OSHA Orders Air Methods To Reinstate Whistleblower Pilot

Pilot refused medevac flight because of faulty ELT.

Air Methods

Air Methods

The U.S. Department of Labor says this helicopter,
an Airbus EC130B4, N47HN, operated by Air Methods,
was the one involved in the 2013 pilot firing.
Photo: Flight Aware

In a decision that is sure to evoke emotional responses from observers on all sides of the political and aviation spectrum, OSHA announced in a press release that it has reinstated a pilot who refused to fly a medevac flight for his employer, Air Methods, because the helicopter's ELT was faulty.

The agency said that Air Methods fired the pilot days later, on Aug. 5, 2013, in retaliation for the decision, which the regulators deemed a violation of a federal whistleblower law. The judgment requires Air Methods to rehire the pilot, and pay back wages in excess of $158,000, along with $8,500 in damages.

In the press release, OSHA regional administrator in Chicago Nick Walters said, "Pilots should never have to choose between the safety of themselves and their passengers, and their job. Whistleblower protections are critical to keeping workplaces safe. Disciplining an employee for following safety procedures is illegal and puts everyone at risk."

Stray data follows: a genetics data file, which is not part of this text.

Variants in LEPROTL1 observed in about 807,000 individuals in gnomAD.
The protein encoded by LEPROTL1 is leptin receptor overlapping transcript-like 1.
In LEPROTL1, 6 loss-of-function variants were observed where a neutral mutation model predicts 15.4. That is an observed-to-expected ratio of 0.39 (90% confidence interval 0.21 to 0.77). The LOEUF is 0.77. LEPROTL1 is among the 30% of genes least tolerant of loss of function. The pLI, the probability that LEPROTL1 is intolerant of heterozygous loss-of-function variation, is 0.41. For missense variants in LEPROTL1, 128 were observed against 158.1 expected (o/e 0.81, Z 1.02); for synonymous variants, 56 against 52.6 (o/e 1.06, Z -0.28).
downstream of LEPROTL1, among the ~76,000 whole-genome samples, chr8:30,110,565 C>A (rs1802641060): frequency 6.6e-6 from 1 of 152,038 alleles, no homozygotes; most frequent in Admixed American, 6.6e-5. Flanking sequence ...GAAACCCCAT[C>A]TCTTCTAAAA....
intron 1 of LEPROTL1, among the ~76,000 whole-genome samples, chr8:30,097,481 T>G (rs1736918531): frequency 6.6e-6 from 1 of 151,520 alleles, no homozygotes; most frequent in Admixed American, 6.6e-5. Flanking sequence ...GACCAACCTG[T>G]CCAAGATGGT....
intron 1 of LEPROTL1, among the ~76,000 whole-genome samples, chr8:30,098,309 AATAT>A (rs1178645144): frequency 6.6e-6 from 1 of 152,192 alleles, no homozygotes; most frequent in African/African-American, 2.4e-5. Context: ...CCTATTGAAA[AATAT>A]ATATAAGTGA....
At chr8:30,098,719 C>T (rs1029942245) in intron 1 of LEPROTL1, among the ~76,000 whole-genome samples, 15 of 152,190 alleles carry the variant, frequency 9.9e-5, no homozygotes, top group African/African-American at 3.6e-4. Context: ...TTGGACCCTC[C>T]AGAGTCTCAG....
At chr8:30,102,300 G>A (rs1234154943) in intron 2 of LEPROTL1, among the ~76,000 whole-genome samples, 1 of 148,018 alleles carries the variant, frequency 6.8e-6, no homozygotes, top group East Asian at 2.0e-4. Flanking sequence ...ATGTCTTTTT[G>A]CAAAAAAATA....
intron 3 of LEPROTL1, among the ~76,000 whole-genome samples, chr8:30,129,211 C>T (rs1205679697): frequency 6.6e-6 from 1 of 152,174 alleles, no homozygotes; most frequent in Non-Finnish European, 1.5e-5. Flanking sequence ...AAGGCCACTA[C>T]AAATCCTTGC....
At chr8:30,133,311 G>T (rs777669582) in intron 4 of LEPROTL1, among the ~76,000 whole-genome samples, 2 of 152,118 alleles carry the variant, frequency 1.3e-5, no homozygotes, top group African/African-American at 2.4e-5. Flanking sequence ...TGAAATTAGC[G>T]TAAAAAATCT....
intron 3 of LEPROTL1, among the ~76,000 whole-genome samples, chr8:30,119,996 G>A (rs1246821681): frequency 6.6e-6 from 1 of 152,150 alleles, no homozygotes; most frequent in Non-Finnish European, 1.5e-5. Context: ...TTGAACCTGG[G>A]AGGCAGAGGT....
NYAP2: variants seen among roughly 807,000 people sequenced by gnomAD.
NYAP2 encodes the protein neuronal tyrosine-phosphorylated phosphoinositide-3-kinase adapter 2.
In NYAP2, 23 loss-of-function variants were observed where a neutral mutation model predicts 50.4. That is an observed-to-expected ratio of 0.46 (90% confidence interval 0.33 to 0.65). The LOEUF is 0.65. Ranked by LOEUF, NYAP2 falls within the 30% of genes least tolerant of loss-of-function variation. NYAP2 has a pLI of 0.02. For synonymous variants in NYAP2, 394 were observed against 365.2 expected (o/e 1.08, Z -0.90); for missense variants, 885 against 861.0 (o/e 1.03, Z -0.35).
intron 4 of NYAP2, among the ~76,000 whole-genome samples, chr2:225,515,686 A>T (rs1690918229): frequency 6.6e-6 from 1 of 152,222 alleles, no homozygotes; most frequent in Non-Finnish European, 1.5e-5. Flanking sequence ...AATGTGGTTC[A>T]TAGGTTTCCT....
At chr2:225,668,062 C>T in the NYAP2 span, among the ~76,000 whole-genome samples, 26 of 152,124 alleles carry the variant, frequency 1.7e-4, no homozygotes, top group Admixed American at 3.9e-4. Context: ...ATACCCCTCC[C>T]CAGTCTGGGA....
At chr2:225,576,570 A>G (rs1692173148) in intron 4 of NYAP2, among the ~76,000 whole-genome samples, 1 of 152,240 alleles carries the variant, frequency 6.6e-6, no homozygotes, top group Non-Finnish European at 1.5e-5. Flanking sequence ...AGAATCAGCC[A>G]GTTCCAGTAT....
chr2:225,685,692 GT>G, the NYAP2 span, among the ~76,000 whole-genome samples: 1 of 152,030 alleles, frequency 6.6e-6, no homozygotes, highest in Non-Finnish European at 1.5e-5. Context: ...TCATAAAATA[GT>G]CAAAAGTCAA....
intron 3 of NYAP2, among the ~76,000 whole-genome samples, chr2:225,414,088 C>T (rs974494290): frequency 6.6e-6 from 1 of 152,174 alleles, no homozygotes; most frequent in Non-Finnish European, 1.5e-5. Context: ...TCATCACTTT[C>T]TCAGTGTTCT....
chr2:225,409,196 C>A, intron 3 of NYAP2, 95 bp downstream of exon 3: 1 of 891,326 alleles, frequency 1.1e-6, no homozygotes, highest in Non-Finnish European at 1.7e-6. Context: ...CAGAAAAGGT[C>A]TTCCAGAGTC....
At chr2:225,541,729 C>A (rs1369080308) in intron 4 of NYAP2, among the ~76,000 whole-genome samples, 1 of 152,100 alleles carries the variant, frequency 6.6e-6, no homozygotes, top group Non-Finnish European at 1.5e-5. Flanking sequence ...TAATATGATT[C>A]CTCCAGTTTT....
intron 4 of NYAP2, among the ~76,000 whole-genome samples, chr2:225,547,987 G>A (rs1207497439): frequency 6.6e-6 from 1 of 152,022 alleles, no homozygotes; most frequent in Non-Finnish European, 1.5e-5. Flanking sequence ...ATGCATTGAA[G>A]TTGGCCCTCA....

The decision is likely to be enthusiastically greeted by commercial pilots who have been required by their employers to fly aircraft with known safety issues. United Airlines recently fired a cabin crew that refused to fly an airplane with graffiti on its tail that the crew saw as threatening. Other observers will likely be concerned over OSHA's reach into what seems essentially an aviation issue better handled by the FAA.

An Air Methods spokesman said the company could not comment on ongoing litigation.

Correction: An earlier version of this story included an incorrect photo of another helicopter operated by a different provider not involved in this case.

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